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We’ve just had an all-too-brief Indian Summer – it got warm enough for the flies to fly, the tree crickets to sing, and yes, for a few very late Monarch butterflies to drift past on their big journey. The BugLady spent some time on boardwalks in wetlands, enjoying the last dragonflies of the year.
Meadowhawks, in the Skimmer family Libellulidae, are a genus of 15 species, nine of which have been recorded in Wisconsin. They can be tricky to identify (understatement). They start to appear in late June/early July and are with us for the rest of the summer and well into fall, but other than a few tenacious White-faced Meadowhawks, the final meadowhawk on the scene is the Autumn Meadowhawk (called the Yellow-legged Meadowhawk in older field guides) (the BugLady thinks that their legs are flesh-colored, rather than yellow, but she can see why that name would be a non-starter). Here’s an early BOTW about meadowhawks.
Autumn Meadowhawks (Sympetrum vicinum) can be found in Southern Canada and much of the US, except for the northern Rockies, the arid Southwest, and a few of the Gulf States. Some meadowhawks are picky about habitat, but not Autumn Meadowhawks, which are equally happy in shallow, permanent ponds, lakes, marshes and swamps, bogs, flooded meadows, and even slow-moving streams, especially if there are woodlands nearby.
This is a pretty small/small, pretty dragonfly, only about an inch-and-a-quarter long. Mature males are red – often cherry red – and females and immature males start out yellow and then turn red and tan. Females have a prominent egg spout below the end of their abdomen.
Along with the mosaic darners, Autumn Meadowhawks are the last dragonflies to emerge, and once they do, they spend more time than most dragonflies do away from the water. The “Dragonflies of Northern Virginia” website paints this picture, “Autumns can actually be abundant at times. Hundreds of golden tenerals rise out of shallow wetlands in early summer, and bright red adults fill the same wetlands in fall.” Large-scale emergences start at marshy pools in June, at which point juveniles take to the woods and grow up in sunny woodland clearings. They don’t seem to reappear at ponds and marshes until fall, often staying quite late into the season, hence their name.”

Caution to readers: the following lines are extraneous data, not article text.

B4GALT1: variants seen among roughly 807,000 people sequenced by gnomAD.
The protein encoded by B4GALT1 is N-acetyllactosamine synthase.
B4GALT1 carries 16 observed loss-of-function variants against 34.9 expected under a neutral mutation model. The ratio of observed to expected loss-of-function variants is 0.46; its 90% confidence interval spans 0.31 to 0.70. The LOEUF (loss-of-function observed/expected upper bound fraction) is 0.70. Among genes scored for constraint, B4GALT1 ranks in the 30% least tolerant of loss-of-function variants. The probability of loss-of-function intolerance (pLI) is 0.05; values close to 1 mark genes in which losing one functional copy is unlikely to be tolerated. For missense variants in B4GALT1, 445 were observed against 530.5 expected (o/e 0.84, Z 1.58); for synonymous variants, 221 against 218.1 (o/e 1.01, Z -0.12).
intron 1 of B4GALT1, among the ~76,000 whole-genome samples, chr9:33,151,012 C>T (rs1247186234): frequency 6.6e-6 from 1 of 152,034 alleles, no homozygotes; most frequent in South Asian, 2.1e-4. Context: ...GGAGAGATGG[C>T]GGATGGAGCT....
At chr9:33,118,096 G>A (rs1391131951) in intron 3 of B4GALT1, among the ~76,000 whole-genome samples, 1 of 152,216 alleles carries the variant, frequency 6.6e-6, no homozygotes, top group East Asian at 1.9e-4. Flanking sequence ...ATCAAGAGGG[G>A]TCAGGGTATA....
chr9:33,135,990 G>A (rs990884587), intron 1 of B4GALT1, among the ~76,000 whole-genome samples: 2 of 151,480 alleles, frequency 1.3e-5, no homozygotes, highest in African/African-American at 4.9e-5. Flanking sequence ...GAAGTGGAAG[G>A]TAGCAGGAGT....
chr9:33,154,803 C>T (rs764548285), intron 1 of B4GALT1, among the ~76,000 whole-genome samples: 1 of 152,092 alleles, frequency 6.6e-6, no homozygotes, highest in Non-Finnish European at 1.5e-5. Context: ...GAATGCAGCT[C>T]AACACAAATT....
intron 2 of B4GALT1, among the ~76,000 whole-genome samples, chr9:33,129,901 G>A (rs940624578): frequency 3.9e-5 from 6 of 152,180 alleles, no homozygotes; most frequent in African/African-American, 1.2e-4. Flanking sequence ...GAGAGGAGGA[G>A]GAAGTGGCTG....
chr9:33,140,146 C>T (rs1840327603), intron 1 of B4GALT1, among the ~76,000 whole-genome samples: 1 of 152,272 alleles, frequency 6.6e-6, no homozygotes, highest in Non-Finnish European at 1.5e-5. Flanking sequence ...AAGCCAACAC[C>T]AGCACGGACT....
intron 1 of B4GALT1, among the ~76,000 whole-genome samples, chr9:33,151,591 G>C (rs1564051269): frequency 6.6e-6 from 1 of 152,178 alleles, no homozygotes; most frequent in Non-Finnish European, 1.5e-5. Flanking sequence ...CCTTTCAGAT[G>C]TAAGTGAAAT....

Meadowhawks can be very common from mid-summer on, yet the BugLady rarely sees them at the waterfront with the other dragonflies. Several meadowhawk species do oviposit into shallow water with emergent vegetation, but others have different ideas about where to leave their eggs. White-faced Meadowhawks gamble, bobbing up and down in tandem as the female drops eggs onto the ground in a dry pond basin or on an edge that might be underwater by spring.
In many dragonfly species, mature males patrol the shoreline and beat their figurative chests, waiting for females to arrive; females come to the water only when they’re reproductively ready. Autumn Meadowhawks finish their development away from water, and by the time they get back to it, they have already found a female and are flying in tandem. Legler, in Dragonflies of Wisconsin (aka “The Bible”) says that “the sexes form tandem pairs in midday, away from the water, then fly to water where they make dipping motions imitating oviposition. They then mate and proceed to lay eggs while pair is in tandem. Female trails and she will have mud on end of abdomen because she alternately strikes water surface and muddy stream bank or grassy area above the water line. Eggs are deposited in mud or wet moss. She alternately dips abdomen in water probably to clear the egg spout. Eggs will survive the winter and hatch during rains and high water the next spring.”
Unlike many other dragonflies, male Autumn Meadowhawks don’t defend territories along the shore, and, possibly because they aren’t territorial, they are unusually tolerant of other Autumn Meadowhawks. Legler says that “Ovipositing by one pair attracts other pairs to same site for ovipositing.”
The eggs hatch when (if) they’re inundated by water the following spring, as the water heats up to 50 degrees. The naiads eat and grow and shed for six or seven weeks, emerging as adults at night in August or September. They may fly into November if there isn’t a hard freeze; this they can do because they collect heat by basking in the sun and by sitting on warm rocks (Sympetrum means “with rock”). With this boost, they are able to fly even when the temperature dips to 50 degrees F.
They routinely perch higher off the ground than other meadowhawks, but on cooler days, they’re found on the ground.
Adults feed on small, soft-bodied invertebrates that they spot from a perch and then fly out and “hawk” from the air (one source said that their pursuits are successful 97% of the time). The aquatic naiads, called “sprawlers,” hunt from concealment and grab a meal (fly larvae, daphnia, tiny fish, tadpoles, and smaller dragonflies) as it swims/walks past (nice video, but, no, never “larvae”).
Both above and below the water’s surface, Autumn Meadowhawks have an important place in the food web, both as eaters and eatees. They’re food for ducks and other birds, fish (one source said that largemouth bass pick off ovipositing pairs from below), frogs, crayfish, mantises, and other dragonflies. Another source reported that a snake that bites a naiad may get bitten back hard enough to convince it to drop its prey (and that the naiad may make sounds to startle predators). With populations that peak as migration begins, Autumn Meadowhawks supply important fuel to southbound birds.
Go outside – look at bugs – it’s not too late……